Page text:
Here are the reasons why you should not eat at Electric Mud BBQ, a new restaurant in Parkdale: Electric Mud BBQ does not take reservations. The doorman will tell you the wait for a table is 30 minutes, but 90 minutes is just as likely.
Once you're seated, it will be at a picnic table built for school children. There are just four picnic tables. If you don't get a picnic table, you'll be seated at the bar.
The décor is hillbilly keg party: concrete floors and chipboard walls covered in vintage hog feed advertisements and taxidermy. That taxidermy includes a striped bass wearing a rosary, a shark in a Civil War cap and a whitetail deer with a crucifix. There are also beer posters from the early '90s, featuring hungry-looking women of low moral fortitude, glistening-skinned in neon coloured bikinis and feathered hair.
If it's cold outside, you will freeze each time the door opens.
The music – Delta Blues, 1970s rock, Black Sabbath, on vinyl – is loud enough to blow out dental work. Electric Mud BBQ's signature cocktail is called the Beergarita.
The bill comes when dessert is served. Though it is not inscribed with a smiley face and the phrase "Please Leave Now," that seems to be the intention; eat fast, there's a lineup; Electric Mud's management wants your seat back, stat.
And you cannot pay that bill with Visa, Amex, MasterCard or Interac – Electric Mud accepts cash only. There is a handy ATM outside the ladies washroom on the restaurant's second floor. By most accounts, it works sometimes.
And now, a couple of reasons why you should eat at Electric Mud BBQ: It can be a lot of fun to eat here. Also, the cooking is obscenely, shockingly good.
The cooking is a mix of not particularly authentic Southern U.S. barbecue and other deep-south staples. It's what happens when very good cooks (in this case, Black Hoof alum Colin Tooke and Ben Denham, his chef de cuisine) take on a couple of far-away cuisines without taking them, or themselves, too seriously.
The fried green tomatoes, a special a few weeks ago, came as fat, golden cubes – tart, juicy, viridescent tomato hunks enveloped with crunchy cornmeal batter. There were wild Caribbean shrimp on top, pickled with jalapenos and onion, coriander stems and rice vinegar. It tasted of Southern cooking, but also of Spadina Avenue Chinatown, of polyglot Toronto, exactly of now and here.
There was roasted cauliflower with mint leaves, almonds, and a creamy, smoked cauliflower sauce, cucina povera gone cosmopolitan, lit by the flash of a Miller High Life sign.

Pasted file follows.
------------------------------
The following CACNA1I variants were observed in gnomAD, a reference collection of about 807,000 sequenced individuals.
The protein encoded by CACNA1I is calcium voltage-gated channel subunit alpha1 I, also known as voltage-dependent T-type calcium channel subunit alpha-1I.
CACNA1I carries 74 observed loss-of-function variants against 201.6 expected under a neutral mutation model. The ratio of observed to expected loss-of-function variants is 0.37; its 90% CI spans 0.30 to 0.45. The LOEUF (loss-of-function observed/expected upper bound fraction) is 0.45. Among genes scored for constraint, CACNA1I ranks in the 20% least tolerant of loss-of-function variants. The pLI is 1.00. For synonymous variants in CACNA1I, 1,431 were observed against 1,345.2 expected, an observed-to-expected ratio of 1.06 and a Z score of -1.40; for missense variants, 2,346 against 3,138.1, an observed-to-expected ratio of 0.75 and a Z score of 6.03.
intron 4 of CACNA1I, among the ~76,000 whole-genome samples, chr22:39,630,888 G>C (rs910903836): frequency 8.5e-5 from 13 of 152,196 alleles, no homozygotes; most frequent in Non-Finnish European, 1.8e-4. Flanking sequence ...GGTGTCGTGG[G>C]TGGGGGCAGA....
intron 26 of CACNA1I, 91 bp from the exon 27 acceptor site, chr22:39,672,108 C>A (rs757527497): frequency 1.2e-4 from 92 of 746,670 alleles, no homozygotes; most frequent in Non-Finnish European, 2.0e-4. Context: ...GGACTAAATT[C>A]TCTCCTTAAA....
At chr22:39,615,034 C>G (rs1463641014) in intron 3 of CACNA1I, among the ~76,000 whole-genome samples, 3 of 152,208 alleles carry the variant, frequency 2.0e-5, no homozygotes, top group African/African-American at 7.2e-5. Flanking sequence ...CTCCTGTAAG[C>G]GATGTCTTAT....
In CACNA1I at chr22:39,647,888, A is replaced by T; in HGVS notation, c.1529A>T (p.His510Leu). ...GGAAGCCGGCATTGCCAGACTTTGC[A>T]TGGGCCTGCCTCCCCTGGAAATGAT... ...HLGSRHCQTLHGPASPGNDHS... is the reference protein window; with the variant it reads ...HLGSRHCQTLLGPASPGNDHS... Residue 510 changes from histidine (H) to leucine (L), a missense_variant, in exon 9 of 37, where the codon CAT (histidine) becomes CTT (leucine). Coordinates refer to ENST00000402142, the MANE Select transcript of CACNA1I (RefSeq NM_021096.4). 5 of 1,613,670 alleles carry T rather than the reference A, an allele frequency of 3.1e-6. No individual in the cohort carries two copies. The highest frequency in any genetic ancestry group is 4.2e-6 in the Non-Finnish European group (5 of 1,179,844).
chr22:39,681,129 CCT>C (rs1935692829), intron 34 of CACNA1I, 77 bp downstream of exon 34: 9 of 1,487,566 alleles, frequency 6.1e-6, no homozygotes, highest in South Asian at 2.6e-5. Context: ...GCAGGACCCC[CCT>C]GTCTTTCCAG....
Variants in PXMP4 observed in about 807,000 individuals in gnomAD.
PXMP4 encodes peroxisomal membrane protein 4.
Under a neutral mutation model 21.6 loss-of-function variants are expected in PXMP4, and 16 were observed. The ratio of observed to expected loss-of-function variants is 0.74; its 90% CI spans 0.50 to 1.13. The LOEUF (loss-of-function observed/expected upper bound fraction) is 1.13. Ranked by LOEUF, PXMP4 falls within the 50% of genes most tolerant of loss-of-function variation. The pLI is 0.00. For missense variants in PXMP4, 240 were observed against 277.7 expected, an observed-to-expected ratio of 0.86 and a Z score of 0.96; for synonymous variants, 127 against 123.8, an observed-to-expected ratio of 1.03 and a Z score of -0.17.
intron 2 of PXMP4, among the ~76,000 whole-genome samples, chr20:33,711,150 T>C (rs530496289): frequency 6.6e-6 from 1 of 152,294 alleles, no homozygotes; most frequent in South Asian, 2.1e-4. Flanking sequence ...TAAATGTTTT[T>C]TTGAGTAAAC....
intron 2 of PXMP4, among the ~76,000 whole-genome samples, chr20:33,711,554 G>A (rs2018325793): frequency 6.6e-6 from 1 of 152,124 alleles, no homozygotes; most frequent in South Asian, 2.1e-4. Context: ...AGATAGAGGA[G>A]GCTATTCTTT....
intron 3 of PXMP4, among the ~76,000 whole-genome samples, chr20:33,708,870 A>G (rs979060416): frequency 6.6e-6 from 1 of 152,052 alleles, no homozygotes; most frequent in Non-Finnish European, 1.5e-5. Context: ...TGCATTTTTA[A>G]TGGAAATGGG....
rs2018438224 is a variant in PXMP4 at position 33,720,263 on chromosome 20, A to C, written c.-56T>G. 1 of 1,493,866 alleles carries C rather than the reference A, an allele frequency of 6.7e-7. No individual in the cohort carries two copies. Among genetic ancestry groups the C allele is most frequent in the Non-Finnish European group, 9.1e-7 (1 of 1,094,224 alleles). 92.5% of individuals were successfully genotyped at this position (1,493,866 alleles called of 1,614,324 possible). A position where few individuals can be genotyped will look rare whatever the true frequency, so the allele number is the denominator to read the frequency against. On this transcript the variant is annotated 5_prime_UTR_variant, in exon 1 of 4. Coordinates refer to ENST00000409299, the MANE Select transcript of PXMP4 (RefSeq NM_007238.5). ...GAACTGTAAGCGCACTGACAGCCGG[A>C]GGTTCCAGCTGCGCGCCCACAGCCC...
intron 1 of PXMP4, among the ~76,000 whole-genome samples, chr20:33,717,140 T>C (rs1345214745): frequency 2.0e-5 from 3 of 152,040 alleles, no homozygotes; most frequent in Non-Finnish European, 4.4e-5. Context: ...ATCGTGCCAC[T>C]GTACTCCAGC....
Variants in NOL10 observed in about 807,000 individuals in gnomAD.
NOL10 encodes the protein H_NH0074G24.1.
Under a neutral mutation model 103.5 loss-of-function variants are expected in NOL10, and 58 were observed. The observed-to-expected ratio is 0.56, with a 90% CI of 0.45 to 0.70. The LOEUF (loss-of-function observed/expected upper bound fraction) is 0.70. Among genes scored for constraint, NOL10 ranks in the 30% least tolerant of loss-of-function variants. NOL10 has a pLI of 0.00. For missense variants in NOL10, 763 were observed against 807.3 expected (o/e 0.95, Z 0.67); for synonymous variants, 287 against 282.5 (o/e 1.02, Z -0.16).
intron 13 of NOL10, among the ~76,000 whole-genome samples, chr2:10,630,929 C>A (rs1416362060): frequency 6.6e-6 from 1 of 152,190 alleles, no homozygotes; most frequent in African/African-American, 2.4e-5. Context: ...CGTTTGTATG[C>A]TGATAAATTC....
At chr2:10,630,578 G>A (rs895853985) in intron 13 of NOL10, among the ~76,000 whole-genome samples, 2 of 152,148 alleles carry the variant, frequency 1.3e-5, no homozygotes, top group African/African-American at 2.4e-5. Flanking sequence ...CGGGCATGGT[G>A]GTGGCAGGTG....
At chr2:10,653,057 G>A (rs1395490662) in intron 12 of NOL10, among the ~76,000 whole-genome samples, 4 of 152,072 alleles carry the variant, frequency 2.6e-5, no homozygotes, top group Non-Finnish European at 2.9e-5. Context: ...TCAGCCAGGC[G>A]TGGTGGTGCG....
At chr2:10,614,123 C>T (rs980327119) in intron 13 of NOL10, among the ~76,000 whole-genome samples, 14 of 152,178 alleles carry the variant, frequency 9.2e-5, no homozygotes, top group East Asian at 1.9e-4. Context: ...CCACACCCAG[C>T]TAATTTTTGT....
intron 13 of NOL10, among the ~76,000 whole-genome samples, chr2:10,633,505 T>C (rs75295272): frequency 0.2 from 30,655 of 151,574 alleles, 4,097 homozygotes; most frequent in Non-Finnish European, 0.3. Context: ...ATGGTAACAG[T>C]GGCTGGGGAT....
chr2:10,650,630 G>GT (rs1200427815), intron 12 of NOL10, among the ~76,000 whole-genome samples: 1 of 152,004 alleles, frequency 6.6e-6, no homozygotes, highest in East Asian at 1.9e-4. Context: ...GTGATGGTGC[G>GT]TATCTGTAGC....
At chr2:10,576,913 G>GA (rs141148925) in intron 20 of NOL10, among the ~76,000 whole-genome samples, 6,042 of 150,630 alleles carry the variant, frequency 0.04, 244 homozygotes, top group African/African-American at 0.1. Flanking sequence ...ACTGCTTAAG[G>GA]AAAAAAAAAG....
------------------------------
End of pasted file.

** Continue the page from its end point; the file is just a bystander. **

And duck breast, cured overnight like Black Forest ham, then smoked over apple and maple wood in the Southern Pride smoker, sliced into pieces as thick as axe handles. The duck was sauced with a brew of hoisin, fermented black beans, bourbon and honey, sided with vinegary, quick-pickled cucumber slices. The duck, like so much else here, was of mixed origins, part Mississippi, part Mekong Delta, a profoundly delicious dish.
Electric Mud is the second restaurant of Mr. Tooke and Ian McGrenaghan, the owner-chef and owner-manager, respectively, of Grand Electric, the bourbon and tacos joint around the corner on Queen Street West.
Electric Mud is miles better, because the place is its own thing: familiar, but in many ways original. (Grand Electric owes a massive debt of inspiration to Big Star, a hipster tacqueria in Chicago.) Also, the couple times that I ate there, Electric Mud was nowhere near as loud as Grand Electric is. Maybe Mr. Tooke and Mr. McGrenaghan couldn't afford more powerful speakers.
The shrimp and grits at Electric Mud have as much in common with Mexican culinary traditions as Low Country ones; Mr. Tooke enriches them with savoury, mushroom-like huitlacoche, a black fungus that grows on corn in damp climates. (It's sometimes called "Mexican truffles," a far better name than the also common "corn smut.")
The pork ribs are good, but perhaps the least interesting menu item, even covered as they are with peanuts and scallion. They're juicy, sticky and tender – though not enough to taste like classic Toronto braised pork ribs. And though they're smoky, they weren't nearly smoky enough for my taste when I had them.
Similarly, if a barbecue aficionado were to pull apart Electric Mud's pulled pork sandwich and taste the meat on its own, there would be much dismissive chortling. There's no real smoke ring on it, and not much of a bark, that woodsy, candy-crusted, crunchy-fatty shell that comes from long, slow cooking over smouldering hardwood. But as a whole – as a pile of juicy, peppery, delectably fatty meat mounded with cabbage slaw and scallions and Carolina-style sweet barbecue sauce between toasted white sandwich bread – that pulled pork sandwich is simply brilliant.
Fried chicken fanatics will love Electric Mud's New Orleans-inspired version, which comes moist and seasoned with chili and pepper; it's a refreshing departure from the sweeter, more common buttermilk kind. Have that chicken with the kernel-corn-studded hush puppies.
The catfish sandwich was also superb when I had it, its thick slabs of blackened fillet piled with softened yellow peppers.
The slaw, meantime, is good enough. It's cabbage slaw. The specials sheet's Sheila Salad, a buttermilk-washed jumble of tender shoots, greens, radishes and barbecued shallots, is a far better bet.
For dessert, there's very good mud pie (it tastes a lot like Coffee Crisp) and banana cream pie in mini Mason jars, as well as soft serve ice cream that was flavoured with subtly floral hibiscus and sour cream when I tried it. (You should not miss this.)
Finish them quickly, then get the hell out.